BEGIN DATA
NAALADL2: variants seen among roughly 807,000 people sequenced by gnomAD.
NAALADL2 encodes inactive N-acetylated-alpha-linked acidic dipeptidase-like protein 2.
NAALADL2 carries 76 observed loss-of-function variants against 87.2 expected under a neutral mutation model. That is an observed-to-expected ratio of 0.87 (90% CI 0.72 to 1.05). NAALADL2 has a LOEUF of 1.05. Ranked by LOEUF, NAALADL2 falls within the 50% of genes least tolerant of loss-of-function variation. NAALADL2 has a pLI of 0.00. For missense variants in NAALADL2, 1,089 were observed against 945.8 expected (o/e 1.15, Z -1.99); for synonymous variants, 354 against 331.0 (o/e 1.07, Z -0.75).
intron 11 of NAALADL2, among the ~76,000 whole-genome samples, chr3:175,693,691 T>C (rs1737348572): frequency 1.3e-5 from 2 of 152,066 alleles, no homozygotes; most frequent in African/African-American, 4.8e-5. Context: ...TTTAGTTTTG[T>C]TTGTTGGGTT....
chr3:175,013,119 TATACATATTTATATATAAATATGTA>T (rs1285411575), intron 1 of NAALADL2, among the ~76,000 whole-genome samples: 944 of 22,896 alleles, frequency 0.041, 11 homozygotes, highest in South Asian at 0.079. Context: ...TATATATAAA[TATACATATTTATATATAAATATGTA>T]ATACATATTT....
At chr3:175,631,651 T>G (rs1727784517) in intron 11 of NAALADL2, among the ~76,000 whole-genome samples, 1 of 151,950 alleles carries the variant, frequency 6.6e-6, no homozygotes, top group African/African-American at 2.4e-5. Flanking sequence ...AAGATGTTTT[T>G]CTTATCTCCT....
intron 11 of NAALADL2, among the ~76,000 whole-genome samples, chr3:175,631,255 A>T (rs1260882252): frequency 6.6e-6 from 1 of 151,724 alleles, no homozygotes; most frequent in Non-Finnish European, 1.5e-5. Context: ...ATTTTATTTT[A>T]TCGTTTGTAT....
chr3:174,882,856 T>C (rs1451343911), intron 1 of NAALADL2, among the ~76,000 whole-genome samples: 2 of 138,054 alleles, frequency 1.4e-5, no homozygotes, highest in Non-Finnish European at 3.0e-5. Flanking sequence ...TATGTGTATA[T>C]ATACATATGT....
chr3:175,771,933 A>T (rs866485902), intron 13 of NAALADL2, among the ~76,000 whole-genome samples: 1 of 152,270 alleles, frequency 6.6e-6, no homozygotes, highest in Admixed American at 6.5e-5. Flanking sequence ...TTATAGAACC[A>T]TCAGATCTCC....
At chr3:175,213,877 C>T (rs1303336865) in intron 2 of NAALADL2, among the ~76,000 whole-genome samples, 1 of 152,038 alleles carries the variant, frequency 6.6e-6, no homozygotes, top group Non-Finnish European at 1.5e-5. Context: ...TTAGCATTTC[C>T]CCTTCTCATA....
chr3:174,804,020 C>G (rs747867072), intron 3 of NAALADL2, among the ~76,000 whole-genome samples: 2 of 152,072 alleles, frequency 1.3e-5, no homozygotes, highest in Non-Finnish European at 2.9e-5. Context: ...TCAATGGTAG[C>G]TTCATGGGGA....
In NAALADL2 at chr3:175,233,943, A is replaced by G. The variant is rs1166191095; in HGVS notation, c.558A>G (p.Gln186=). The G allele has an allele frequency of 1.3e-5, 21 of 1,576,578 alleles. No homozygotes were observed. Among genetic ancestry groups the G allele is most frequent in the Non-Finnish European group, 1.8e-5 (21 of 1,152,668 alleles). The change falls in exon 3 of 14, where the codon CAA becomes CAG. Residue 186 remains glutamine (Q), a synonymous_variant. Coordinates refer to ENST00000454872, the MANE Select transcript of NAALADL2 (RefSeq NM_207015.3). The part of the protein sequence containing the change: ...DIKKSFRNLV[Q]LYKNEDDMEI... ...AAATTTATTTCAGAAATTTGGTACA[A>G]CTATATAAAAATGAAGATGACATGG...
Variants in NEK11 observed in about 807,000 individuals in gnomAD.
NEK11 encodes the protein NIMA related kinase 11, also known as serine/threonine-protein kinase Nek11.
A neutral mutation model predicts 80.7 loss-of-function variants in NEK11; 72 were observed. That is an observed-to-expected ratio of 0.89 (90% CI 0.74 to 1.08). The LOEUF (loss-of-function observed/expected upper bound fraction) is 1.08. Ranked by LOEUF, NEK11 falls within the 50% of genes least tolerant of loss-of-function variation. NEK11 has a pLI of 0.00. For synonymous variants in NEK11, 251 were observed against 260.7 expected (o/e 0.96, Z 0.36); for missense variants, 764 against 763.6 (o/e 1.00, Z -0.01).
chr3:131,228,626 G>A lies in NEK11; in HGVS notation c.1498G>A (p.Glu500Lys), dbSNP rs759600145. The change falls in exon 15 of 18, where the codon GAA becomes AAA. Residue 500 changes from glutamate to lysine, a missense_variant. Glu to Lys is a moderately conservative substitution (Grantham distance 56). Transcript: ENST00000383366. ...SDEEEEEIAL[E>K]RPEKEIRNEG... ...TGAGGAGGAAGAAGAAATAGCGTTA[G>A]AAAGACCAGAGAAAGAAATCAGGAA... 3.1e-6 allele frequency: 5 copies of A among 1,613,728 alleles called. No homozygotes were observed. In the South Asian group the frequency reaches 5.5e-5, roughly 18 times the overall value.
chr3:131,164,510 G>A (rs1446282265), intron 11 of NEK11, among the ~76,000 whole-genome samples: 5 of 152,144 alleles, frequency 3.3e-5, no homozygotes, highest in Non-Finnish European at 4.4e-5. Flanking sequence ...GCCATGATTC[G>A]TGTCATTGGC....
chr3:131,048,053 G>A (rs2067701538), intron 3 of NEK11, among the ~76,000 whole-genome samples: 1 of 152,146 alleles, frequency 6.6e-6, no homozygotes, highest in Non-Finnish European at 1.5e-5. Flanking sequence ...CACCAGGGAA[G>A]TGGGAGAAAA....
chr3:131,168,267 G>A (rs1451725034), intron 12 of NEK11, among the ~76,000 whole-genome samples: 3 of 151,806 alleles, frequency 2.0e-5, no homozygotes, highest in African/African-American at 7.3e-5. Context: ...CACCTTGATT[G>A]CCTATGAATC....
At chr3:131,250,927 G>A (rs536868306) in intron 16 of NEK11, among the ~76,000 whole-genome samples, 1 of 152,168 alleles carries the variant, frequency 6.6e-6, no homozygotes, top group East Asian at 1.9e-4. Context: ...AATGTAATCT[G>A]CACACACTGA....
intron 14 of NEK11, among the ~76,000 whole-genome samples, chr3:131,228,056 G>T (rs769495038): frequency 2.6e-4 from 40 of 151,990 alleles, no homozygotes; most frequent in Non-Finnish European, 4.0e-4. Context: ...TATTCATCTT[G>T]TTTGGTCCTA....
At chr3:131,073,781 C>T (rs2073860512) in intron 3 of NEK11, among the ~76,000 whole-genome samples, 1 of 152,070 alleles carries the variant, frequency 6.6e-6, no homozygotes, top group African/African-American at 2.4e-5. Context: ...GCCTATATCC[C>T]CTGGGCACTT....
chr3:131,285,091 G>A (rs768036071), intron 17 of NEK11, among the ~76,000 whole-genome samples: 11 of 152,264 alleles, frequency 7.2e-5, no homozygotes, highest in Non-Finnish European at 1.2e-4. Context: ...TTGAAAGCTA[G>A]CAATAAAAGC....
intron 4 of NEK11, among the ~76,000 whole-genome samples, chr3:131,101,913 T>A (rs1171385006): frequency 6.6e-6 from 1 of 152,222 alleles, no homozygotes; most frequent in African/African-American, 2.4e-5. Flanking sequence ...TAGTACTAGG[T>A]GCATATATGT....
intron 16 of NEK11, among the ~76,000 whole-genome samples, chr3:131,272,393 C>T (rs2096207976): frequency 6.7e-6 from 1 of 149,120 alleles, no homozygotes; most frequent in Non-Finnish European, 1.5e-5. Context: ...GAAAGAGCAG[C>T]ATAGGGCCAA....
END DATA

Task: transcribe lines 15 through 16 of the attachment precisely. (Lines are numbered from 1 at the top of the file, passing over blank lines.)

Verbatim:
A neutral mutation model predicts 80.7 loss-of-function variants in NEK11; 72 were observed. That is an observed-to-expected ratio of 0.89 (90% CI 0.74 to 1.08). The LOEUF (loss-of-function observed/expected upper bound fraction) is 1.08. Ranked by LOEUF, NEK11 falls within the 50% of genes least tolerant of loss-of-function variation. NEK11 has a pLI of 0.00. For synonymous variants in NEK11, 251 were observed against 260.7 expected (o/e 0.96, Z 0.36); for missense variants, 764 against 763.6 (o/e 1.00, Z -0.01).
chr3:131,228,626 G>A lies in NEK11; in HGVS notation c.1498G>A (p.Glu500Lys), dbSNP rs759600145. The change falls in exon 15 of 18, where the codon GAA becomes AAA. Residue 500 changes from glutamate to lysine, a missense_variant. Glu to Lys is a moderately conservative substitution (Grantham distance 56). Transcript: ENST00000383366. ...SDEEEEEIAL[E>K]RPEKEIRNEG... ...TGAGGAGGAAGAAGAAATAGCGTTA[G>A]AAAGACCAGAGAAAGAAATCAGGAA... 3.1e-6 allele frequency: 5 copies of A among 1,613,728 alleles called. No homozygotes were observed. In the South Asian group the frequency reaches 5.5e-5, roughly 18 times the overall value.